First Selectman Pat Llodra's eyes light up and a smile forms as she readies herself to talk about a bulldozer the town recently bought to raze the dirt mounds at an Oakview Road lot.
She readily admits the story is one she has recounted more than a couple of times, and with a sense of admiration for the bulldozer – which is a smaller version of the fullsize ones typically seen at construction projects.
"I have been telling anyone who will listen that it is a David and Goliath story," Llodra told the Board of Education during a meeting this week.
A day earlier, she recounted a similar story to the Board of Selectman, which was in addition to several private conversations she has had with others about the equipment and its role in flattening the mounds.
"It really is a marvel of this little machine," Llodra said. "It is a good piece of equipment."
Over the past week or so, the small bulldozer has been used to regrade the mounds of fill at the Oakview lot left over from the expansion project. Over the years, the , which resulted in complaints by real estate agents who said it detracted from Newtown's good looks. Children looking for something to climb also were frequently drawn to the mounds.
The first selectman's obvious delight with the bulldozer is part childhood memory and part recent memory, Llodra said.
On the one hand, the size of the bulldozer reminds her of the tractors she used to – as an 11-year-old – drive in her family's farm in South Hadley, MA.
"That's exactly the size of the tractor," Llodra said.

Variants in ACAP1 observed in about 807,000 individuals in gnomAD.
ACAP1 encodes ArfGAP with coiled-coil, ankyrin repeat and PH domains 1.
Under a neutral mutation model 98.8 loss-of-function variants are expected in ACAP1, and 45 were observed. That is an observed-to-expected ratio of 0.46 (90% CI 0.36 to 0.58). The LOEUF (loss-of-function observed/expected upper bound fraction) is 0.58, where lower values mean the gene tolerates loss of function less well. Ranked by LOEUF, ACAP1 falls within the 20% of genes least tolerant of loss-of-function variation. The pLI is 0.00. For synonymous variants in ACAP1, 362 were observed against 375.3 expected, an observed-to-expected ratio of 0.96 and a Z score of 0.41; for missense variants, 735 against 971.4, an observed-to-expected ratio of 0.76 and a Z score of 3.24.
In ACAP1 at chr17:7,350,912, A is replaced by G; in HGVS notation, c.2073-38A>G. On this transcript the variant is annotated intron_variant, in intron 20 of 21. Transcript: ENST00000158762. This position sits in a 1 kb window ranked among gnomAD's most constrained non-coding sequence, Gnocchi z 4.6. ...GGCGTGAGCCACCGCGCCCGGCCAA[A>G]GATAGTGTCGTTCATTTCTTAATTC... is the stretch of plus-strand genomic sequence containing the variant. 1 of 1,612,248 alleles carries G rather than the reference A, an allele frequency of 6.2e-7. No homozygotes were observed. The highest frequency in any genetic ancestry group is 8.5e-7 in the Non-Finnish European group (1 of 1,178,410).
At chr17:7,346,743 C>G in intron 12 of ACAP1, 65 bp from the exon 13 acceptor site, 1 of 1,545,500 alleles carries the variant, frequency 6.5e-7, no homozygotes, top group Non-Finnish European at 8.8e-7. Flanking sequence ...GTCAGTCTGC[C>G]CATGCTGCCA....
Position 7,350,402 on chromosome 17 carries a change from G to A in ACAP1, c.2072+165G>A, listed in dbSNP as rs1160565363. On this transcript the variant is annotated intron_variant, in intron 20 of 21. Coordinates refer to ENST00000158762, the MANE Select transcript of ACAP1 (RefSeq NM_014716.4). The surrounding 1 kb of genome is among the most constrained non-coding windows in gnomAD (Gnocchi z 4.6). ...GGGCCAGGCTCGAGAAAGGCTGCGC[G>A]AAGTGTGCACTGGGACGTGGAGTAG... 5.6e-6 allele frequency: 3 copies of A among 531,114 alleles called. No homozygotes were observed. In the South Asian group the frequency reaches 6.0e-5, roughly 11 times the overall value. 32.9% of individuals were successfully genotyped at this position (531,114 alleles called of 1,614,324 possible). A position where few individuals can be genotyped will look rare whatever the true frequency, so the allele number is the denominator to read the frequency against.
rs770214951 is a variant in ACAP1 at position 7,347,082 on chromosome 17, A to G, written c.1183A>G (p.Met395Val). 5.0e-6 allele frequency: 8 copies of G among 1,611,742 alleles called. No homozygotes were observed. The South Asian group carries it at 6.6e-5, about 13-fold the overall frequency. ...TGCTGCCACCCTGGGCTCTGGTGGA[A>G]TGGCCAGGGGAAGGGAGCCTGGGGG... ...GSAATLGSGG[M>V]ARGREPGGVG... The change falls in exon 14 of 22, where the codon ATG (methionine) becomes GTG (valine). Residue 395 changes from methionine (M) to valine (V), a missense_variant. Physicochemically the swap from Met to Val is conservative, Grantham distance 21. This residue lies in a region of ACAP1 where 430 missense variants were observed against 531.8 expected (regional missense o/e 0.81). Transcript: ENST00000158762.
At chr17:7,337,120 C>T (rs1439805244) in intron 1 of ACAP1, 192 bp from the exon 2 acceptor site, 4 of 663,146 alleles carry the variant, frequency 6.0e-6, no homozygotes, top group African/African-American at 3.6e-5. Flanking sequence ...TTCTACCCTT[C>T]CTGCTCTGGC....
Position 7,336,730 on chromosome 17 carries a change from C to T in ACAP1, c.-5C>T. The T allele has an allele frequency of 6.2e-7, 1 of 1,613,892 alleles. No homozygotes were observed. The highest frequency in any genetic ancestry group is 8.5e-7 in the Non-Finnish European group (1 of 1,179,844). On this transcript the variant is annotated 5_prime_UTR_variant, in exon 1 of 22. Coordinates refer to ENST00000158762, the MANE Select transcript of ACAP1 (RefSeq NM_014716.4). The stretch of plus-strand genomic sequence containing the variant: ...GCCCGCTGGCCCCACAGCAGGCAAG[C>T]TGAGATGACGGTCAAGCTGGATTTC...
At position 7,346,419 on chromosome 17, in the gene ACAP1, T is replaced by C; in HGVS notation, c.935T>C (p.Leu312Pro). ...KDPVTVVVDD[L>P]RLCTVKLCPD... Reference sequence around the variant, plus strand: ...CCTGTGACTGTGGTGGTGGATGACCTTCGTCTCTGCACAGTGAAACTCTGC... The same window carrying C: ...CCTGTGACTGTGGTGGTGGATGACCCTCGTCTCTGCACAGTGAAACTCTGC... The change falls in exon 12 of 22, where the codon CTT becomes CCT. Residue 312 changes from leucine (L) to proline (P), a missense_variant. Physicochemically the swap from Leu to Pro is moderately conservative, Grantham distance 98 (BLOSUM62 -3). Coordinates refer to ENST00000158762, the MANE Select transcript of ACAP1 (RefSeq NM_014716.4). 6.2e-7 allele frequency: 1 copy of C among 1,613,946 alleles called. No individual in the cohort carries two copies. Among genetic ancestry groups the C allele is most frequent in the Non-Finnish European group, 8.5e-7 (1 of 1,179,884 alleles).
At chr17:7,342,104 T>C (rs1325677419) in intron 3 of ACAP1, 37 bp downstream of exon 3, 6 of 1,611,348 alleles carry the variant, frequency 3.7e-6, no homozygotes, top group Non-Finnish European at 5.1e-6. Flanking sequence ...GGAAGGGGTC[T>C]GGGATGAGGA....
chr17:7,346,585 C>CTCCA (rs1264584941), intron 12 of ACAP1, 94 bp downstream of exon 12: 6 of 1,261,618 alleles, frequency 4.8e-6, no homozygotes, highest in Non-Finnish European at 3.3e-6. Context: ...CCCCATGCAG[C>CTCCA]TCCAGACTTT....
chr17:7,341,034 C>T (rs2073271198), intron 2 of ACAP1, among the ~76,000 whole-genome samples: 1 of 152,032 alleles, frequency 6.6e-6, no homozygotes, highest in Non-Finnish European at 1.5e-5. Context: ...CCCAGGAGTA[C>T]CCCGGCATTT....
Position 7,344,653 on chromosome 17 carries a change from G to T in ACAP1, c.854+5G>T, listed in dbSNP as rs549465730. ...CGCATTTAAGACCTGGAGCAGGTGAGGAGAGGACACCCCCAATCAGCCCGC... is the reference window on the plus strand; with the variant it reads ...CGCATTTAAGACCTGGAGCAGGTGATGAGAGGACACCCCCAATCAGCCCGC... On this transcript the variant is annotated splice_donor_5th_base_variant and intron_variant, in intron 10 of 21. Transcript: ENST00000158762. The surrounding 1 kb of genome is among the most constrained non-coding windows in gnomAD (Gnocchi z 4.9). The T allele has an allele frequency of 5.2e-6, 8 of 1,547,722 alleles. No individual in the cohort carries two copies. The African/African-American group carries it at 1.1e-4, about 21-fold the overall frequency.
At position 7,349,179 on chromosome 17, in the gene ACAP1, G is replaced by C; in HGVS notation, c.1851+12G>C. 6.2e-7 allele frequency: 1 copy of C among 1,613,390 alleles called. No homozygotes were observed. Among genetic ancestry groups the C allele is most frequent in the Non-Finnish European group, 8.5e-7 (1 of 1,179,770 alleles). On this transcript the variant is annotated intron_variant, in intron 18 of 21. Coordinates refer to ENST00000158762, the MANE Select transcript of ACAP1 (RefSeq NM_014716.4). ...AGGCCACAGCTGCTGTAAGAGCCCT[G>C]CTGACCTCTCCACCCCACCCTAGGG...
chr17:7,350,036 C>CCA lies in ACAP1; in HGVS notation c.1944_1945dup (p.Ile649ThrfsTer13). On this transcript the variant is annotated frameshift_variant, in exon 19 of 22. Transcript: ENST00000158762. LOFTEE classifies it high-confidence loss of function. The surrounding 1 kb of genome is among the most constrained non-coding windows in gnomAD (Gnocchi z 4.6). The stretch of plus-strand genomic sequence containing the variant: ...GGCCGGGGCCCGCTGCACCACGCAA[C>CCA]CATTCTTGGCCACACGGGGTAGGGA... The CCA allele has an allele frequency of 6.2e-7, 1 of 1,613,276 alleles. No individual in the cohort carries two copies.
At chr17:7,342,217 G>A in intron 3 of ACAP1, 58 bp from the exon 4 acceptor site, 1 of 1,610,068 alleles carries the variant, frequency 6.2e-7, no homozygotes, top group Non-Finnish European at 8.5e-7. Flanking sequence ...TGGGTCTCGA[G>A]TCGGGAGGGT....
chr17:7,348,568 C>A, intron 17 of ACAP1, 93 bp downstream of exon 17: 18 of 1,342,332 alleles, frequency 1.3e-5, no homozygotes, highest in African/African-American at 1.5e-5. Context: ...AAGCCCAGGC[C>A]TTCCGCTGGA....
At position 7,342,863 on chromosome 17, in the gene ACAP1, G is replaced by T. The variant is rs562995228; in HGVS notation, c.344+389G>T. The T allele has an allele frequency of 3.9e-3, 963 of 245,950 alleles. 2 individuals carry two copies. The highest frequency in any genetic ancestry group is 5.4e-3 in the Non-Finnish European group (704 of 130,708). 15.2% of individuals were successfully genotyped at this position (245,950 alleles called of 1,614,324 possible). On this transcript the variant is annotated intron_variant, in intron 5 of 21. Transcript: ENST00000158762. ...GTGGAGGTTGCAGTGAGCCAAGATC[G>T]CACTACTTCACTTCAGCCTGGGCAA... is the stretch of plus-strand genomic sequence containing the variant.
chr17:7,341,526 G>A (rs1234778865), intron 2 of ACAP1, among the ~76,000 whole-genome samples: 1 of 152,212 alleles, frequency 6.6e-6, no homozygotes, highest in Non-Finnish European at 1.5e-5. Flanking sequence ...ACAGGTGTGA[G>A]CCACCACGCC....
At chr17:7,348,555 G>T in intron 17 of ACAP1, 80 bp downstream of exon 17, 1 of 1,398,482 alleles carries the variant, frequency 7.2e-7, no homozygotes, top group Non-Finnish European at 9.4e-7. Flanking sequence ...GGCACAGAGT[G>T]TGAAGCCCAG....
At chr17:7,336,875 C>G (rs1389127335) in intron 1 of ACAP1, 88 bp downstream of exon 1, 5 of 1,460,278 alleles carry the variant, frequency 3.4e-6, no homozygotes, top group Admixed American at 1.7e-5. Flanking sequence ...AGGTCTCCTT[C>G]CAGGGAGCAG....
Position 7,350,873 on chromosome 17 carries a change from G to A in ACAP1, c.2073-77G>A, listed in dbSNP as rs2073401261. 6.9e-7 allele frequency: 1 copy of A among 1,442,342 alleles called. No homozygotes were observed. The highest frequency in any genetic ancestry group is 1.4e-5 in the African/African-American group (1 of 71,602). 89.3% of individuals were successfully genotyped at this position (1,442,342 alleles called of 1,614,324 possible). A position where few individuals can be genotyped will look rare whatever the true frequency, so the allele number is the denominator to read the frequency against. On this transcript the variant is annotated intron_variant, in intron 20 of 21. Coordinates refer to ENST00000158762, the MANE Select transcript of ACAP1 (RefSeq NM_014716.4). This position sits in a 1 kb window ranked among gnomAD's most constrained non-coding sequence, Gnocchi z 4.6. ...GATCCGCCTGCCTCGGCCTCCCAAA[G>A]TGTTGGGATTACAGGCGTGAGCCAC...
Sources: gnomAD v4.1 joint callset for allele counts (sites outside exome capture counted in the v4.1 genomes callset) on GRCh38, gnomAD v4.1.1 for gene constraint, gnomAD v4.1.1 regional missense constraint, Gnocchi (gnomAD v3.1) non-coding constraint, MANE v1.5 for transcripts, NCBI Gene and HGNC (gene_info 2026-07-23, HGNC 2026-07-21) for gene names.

In fact, the memory is so strong that she admitted slipping up in her recounting of the bulldozer story to the education board by calling it a tractor at one point.
On the other hand, the purchase of the bulldozer drums up more recent memories of last year's budget season when she had to justify the town's proposed purchase of the $50,000 piece of used equipment.
At the time, Llodra argued the bulldozer purchase, which was charged to the parks and recreation department but available for use by public works, would be more economical than leasing as the town faces several projects that require use of the equipment. Everytime the town leases use of a bulldozer, the costs add to $20,000, officials have said.
In light of those arguments, Llodra said the work now proved to her the bulldozer was worth fighting for, an analogy that she shared with the education board, she said, to demonstrate what it takes to get programs and services approved.
"It took me three years to get that into the budget," Llodra said. "It's the willingness to be persistent."
In addition to the bulldozer is a bucket truck and other equipment used to help carve the large mounds into more manageable piles. The bulldozer then goes to regrade the smaller piles.